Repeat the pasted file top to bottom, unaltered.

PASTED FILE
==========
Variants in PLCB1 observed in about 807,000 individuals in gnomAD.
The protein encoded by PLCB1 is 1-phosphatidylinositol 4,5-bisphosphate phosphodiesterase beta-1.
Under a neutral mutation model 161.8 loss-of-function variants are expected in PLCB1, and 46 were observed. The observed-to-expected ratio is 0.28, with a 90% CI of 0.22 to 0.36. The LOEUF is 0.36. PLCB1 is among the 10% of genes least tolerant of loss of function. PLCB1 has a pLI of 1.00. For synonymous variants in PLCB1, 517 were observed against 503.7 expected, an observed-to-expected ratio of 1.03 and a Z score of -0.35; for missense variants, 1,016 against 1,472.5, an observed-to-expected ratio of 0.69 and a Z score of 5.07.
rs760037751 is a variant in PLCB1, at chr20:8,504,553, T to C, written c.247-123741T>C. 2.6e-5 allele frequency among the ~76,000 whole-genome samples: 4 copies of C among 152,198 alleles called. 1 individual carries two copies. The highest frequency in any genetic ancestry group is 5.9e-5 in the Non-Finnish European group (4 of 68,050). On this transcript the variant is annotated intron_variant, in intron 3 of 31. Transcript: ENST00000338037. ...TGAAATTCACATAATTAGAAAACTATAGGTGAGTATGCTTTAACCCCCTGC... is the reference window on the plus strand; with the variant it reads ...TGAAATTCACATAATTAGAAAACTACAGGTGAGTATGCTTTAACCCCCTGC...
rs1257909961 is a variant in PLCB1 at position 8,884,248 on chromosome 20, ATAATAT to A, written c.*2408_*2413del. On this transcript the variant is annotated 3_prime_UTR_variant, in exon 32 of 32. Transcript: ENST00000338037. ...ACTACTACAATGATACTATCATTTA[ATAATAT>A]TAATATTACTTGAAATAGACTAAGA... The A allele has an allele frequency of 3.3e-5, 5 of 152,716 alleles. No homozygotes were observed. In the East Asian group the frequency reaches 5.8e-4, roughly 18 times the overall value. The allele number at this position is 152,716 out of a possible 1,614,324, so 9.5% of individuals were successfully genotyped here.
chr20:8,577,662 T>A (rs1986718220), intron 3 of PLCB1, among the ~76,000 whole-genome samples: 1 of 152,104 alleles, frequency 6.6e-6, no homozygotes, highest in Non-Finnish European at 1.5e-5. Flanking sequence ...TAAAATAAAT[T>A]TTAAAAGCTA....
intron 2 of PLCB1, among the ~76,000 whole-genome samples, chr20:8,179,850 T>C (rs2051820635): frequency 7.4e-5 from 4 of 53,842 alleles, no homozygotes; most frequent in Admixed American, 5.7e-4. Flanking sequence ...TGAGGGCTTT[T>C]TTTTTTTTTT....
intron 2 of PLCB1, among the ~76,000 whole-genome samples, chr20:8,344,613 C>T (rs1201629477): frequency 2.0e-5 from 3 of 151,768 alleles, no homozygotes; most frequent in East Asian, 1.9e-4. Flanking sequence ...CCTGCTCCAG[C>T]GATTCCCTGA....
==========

Variants in PLCB1 observed in about 807,000 individuals in gnomAD.
The protein encoded by PLCB1 is 1-phosphatidylinositol 4,5-bisphosphate phosphodiesterase beta-1.
Under a neutral mutation model 161.8 loss-of-function variants are expected in PLCB1, and 46 were observed. The observed-to-expected ratio is 0.28, with a 90% CI of 0.22 to 0.36. The LOEUF is 0.36. PLCB1 is among the 10% of genes least tolerant of loss of function. PLCB1 has a pLI of 1.00. For synonymous variants in PLCB1, 517 were observed against 503.7 expected, an observed-to-expected ratio of 1.03 and a Z score of -0.35; for missense variants, 1,016 against 1,472.5, an observed-to-expected ratio of 0.69 and a Z score of 5.07.
rs760037751 is a variant in PLCB1, at chr20:8,504,553, T to C, written c.247-123741T>C. 2.6e-5 allele frequency among the ~76,000 whole-genome samples: 4 copies of C among 152,198 alleles called. 1 individual carries two copies. The highest frequency in any genetic ancestry group is 5.9e-5 in the Non-Finnish European group (4 of 68,050). On this transcript the variant is annotated intron_variant, in intron 3 of 31. Transcript: ENST00000338037. ...TGAAATTCACATAATTAGAAAACTATAGGTGAGTATGCTTTAACCCCCTGC... is the reference window on the plus strand; with the variant it reads ...TGAAATTCACATAATTAGAAAACTACAGGTGAGTATGCTTTAACCCCCTGC...
rs1257909961 is a variant in PLCB1 at position 8,884,248 on chromosome 20, ATAATAT to A, written c.*2408_*2413del. On this transcript the variant is annotated 3_prime_UTR_variant, in exon 32 of 32. Transcript: ENST00000338037. ...ACTACTACAATGATACTATCATTTA[ATAATAT>A]TAATATTACTTGAAATAGACTAAGA... The A allele has an allele frequency of 3.3e-5, 5 of 152,716 alleles. No homozygotes were observed. In the East Asian group the frequency reaches 5.8e-4, roughly 18 times the overall value. The allele number at this position is 152,716 out of a possible 1,614,324, so 9.5% of individuals were successfully genotyped here.
chr20:8,577,662 T>A (rs1986718220), intron 3 of PLCB1, among the ~76,000 whole-genome samples: 1 of 152,104 alleles, frequency 6.6e-6, no homozygotes, highest in Non-Finnish European at 1.5e-5. Flanking sequence ...TAAAATAAAT[T>A]TTAAAAGCTA....
intron 2 of PLCB1, among the ~76,000 whole-genome samples, chr20:8,179,850 T>C (rs2051820635): frequency 7.4e-5 from 4 of 53,842 alleles, no homozygotes; most frequent in Admixed American, 5.7e-4. Flanking sequence ...TGAGGGCTTT[T>C]TTTTTTTTTT....
intron 2 of PLCB1, among the ~76,000 whole-genome samples, chr20:8,344,613 C>T (rs1201629477): frequency 2.0e-5 from 3 of 151,768 alleles, no homozygotes; most frequent in East Asian, 1.9e-4. Flanking sequence ...CCTGCTCCAG[C>T]GATTCCCTGA....